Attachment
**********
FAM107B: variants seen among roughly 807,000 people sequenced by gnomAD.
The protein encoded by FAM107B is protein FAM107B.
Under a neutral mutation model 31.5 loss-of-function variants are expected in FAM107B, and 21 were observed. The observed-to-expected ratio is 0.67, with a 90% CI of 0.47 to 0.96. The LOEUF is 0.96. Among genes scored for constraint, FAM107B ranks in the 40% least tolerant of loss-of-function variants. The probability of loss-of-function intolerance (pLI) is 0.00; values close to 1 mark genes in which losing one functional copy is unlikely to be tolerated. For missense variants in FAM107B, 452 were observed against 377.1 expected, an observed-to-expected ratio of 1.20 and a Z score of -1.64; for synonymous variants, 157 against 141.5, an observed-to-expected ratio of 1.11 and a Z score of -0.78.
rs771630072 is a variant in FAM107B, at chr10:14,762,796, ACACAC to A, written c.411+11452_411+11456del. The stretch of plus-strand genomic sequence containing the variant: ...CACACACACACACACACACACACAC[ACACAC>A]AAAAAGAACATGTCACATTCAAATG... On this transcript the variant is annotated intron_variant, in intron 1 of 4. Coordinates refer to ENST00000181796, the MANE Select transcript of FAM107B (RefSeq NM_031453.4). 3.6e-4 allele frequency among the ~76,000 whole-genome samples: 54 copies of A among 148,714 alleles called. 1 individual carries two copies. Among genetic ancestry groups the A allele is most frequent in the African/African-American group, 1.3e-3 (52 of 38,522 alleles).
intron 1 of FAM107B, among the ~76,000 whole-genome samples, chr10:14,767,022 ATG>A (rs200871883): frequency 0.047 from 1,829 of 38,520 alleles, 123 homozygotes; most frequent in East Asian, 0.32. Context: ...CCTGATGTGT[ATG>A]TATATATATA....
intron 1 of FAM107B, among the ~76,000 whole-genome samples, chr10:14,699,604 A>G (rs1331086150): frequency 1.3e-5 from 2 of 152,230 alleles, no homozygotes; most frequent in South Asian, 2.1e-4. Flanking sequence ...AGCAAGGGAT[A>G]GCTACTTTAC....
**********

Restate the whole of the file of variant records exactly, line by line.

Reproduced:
FAM107B: variants seen among roughly 807,000 people sequenced by gnomAD.
The protein encoded by FAM107B is protein FAM107B.
Under a neutral mutation model 31.5 loss-of-function variants are expected in FAM107B, and 21 were observed. The observed-to-expected ratio is 0.67, with a 90% CI of 0.47 to 0.96. The LOEUF is 0.96. Among genes scored for constraint, FAM107B ranks in the 40% least tolerant of loss-of-function variants. The probability of loss-of-function intolerance (pLI) is 0.00; values close to 1 mark genes in which losing one functional copy is unlikely to be tolerated. For missense variants in FAM107B, 452 were observed against 377.1 expected, an observed-to-expected ratio of 1.20 and a Z score of -1.64; for synonymous variants, 157 against 141.5, an observed-to-expected ratio of 1.11 and a Z score of -0.78.
rs771630072 is a variant in FAM107B, at chr10:14,762,796, ACACAC to A, written c.411+11452_411+11456del. The stretch of plus-strand genomic sequence containing the variant: ...CACACACACACACACACACACACAC[ACACAC>A]AAAAAGAACATGTCACATTCAAATG... On this transcript the variant is annotated intron_variant, in intron 1 of 4. Coordinates refer to ENST00000181796, the MANE Select transcript of FAM107B (RefSeq NM_031453.4). 3.6e-4 allele frequency among the ~76,000 whole-genome samples: 54 copies of A among 148,714 alleles called. 1 individual carries two copies. Among genetic ancestry groups the A allele is most frequent in the African/African-American group, 1.3e-3 (52 of 38,522 alleles).
intron 1 of FAM107B, among the ~76,000 whole-genome samples, chr10:14,767,022 ATG>A (rs200871883): frequency 0.047 from 1,829 of 38,520 alleles, 123 homozygotes; most frequent in East Asian, 0.32. Context: ...CCTGATGTGT[ATG>A]TATATATATA....
intron 1 of FAM107B, among the ~76,000 whole-genome samples, chr10:14,699,604 A>G (rs1331086150): frequency 1.3e-5 from 2 of 152,230 alleles, no homozygotes; most frequent in South Asian, 2.1e-4. Flanking sequence ...AGCAAGGGAT[A>G]GCTACTTTAC....